d) Better Drug-Related Border Security (not recommended)

The more expensive and difficult it is for external drug cartels to get drugs into our country, the less it will happen. This option would admittedly help cut the legs out from under violent drug cartels in the Northern Triangle. However, heightened border security is itself quite expensive. In addition, and of far greater concern, strong economic pressures would produce an unintended consequence: more illegal drug production and illegal drug cartels within our country. We've witnessed how drug cartels can destroy nations. That would be a horrible outcome.

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Thanks for the post, swanson4liberty.

I hope you don't mind if I test out some sentiment analysis on your post. This is an experimental bot running on a small % of posts, and if reaction is positive I'll increase that ratio and add features.

Your post had an average negative sentiment of 0.169 and an average positive sentiment of 0.177

The most positive sentence in your post had a positivity score of 0.433:

"Making drugs legal is one solution; its not the only solution."

The most negative sentence in your post had a negativity score of 0.467:

"That would be a horrible outcome."

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Interesting! Thank you for running that analysis. I really like the idea of determining positive and negative sentiment, and overall sentimentality.

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Glad that this is something of interest to you. Hopefully in time I can improve on this tool to provide even more useful and actionable information to content creators like yourself.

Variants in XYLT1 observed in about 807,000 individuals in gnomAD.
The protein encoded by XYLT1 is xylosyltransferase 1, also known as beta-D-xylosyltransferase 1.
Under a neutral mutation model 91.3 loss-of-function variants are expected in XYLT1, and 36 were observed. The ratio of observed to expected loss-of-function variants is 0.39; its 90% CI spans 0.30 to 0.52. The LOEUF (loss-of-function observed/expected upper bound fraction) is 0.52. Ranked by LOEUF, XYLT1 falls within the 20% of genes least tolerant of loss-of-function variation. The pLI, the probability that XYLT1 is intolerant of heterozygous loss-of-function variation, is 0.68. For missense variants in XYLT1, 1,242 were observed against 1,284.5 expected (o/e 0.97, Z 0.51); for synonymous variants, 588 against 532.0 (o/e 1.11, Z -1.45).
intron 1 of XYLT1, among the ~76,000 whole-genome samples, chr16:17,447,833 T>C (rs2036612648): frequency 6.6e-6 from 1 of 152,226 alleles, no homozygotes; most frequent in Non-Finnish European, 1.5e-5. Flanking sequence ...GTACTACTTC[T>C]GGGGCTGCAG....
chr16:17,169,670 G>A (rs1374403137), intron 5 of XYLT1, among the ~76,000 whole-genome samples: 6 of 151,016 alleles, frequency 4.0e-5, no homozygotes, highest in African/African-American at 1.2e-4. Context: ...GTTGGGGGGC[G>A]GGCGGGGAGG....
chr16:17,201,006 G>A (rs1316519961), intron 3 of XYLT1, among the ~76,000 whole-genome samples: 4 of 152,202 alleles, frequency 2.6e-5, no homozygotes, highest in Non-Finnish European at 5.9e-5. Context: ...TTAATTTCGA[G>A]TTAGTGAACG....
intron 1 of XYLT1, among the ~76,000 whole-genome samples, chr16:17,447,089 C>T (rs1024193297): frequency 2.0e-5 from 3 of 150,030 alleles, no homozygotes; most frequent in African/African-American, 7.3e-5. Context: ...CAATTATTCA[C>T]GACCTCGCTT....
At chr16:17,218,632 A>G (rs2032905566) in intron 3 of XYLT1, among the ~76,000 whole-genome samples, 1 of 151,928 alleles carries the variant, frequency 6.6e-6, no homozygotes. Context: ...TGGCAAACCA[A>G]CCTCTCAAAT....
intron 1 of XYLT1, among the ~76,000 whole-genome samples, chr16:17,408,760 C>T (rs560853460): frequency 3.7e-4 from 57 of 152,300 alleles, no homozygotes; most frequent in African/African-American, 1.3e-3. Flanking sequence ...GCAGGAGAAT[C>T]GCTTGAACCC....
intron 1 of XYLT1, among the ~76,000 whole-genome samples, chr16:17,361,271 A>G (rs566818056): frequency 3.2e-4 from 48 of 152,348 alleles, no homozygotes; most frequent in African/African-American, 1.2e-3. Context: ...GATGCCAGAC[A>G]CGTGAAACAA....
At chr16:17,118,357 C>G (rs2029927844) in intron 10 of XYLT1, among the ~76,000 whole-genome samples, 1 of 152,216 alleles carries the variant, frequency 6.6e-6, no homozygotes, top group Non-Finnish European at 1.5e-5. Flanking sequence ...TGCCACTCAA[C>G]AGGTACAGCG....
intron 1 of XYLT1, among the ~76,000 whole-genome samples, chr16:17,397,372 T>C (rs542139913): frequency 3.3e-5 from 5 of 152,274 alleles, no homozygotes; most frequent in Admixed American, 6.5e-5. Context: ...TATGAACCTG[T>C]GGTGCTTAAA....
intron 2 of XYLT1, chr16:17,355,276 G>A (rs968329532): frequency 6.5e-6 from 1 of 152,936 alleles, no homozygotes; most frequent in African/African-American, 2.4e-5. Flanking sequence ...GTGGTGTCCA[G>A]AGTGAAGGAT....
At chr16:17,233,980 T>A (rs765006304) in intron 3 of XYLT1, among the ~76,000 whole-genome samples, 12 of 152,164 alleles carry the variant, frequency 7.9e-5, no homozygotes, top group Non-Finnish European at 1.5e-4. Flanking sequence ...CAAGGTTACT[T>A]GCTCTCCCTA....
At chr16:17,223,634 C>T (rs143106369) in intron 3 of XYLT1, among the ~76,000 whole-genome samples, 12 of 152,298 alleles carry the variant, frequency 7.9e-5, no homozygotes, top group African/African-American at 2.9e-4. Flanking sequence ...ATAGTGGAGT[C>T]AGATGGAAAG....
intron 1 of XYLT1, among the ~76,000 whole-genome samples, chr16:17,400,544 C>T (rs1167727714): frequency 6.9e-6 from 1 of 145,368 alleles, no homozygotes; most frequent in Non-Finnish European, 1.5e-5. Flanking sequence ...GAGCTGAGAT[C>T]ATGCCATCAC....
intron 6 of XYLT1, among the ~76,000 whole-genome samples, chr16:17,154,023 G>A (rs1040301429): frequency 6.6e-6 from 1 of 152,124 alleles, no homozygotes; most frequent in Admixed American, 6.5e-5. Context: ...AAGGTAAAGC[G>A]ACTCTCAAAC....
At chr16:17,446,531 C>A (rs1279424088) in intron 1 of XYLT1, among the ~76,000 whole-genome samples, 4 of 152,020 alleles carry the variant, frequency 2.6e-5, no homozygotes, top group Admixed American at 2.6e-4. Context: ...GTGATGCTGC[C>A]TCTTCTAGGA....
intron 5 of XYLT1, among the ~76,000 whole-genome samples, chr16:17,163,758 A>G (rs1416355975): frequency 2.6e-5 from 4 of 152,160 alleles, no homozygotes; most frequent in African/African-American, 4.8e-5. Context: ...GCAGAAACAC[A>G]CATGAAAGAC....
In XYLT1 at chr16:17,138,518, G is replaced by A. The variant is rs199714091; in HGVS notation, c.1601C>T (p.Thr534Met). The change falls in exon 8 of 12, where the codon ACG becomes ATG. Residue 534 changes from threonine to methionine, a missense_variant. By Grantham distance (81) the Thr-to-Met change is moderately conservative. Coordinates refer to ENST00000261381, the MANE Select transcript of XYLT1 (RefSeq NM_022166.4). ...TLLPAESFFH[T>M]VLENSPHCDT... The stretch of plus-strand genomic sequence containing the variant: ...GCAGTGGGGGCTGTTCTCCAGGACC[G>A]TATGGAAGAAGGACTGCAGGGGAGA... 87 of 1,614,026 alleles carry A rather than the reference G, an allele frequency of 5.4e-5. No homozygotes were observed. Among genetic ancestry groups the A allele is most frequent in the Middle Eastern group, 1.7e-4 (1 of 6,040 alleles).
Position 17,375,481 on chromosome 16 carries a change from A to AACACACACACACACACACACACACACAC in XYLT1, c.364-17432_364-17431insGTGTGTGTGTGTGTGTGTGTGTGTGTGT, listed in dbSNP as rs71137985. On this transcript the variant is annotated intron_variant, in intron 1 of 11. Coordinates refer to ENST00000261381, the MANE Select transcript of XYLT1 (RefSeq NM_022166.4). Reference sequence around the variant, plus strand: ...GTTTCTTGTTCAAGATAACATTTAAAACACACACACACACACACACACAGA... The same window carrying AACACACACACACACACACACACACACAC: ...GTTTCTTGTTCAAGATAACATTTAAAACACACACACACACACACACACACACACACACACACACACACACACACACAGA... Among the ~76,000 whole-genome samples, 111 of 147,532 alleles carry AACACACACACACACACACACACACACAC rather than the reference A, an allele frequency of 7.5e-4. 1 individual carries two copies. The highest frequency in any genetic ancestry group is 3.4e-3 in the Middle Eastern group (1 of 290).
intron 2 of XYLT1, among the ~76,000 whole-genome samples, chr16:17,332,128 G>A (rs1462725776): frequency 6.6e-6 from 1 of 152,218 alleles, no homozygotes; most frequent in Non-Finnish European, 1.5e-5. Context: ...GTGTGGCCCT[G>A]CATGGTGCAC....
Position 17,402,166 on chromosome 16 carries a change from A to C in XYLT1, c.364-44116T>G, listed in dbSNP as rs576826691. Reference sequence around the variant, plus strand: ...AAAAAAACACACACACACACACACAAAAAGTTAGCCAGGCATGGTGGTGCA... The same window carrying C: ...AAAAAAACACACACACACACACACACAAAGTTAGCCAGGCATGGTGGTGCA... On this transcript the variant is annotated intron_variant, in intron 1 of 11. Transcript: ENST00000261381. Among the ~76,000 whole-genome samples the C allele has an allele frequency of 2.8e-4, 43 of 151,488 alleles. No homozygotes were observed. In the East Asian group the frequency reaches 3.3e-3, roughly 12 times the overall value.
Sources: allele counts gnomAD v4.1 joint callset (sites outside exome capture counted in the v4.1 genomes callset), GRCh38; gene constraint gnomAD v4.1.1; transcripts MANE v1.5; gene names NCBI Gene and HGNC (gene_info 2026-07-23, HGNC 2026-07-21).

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Colombia has been able to fix their drug cartel problem so I think other countries will too. It will just take decades before it is done.

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Colombia was able to temporarily and partially disrupt drug cartels by cracking down with a concerted law and order effort. Heightened government crackdown in countries with a drug cartel problem is another tactic, and it's one I should have included and discussed above. Unfortunately, yet predictably (given ongoing strong economic pressures), Colombian drug cartels are once again rising in power - often with Mexican drug cartel recruiting demobilized FARC guerrillas.

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Yeah I heard abt the Mexico one but didn't know they're on the rise again in Colombia. Why don't they just do other things to make money right? Why do they do bad things when they can probably use their talents in other ways.

I'd like to think Colombia is a better place now. The people's efforts were not in vain and I hope everyone there will not allow the drug cartels to rise again.

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I enjoyed your view. I think you are on track. A lot of great thought looks like it went into this. Thank you for the read. I enjoyed it much.

@swason4liberty, thank you for the post. All the points are necessary in order to stem the tide of illegal immigration. These are daunting tasks that the US must continue to work towards. If we were to choose a part to play, I'd choose 2b. The others are "out of my sphere" or "above my paygrade" so to speak. If there's one thing I'd disagree is decriminalizing hard drugs. That does not drive down demand, if anything, it'll increase acceptability. Marijuana may be soft but the reality of it is that it's a gateway drug to the harder stuff. Anyways, my 2-bits to the conversation thread.

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No marijuana is not a gateway drug. If you don't want to take drugs then don't.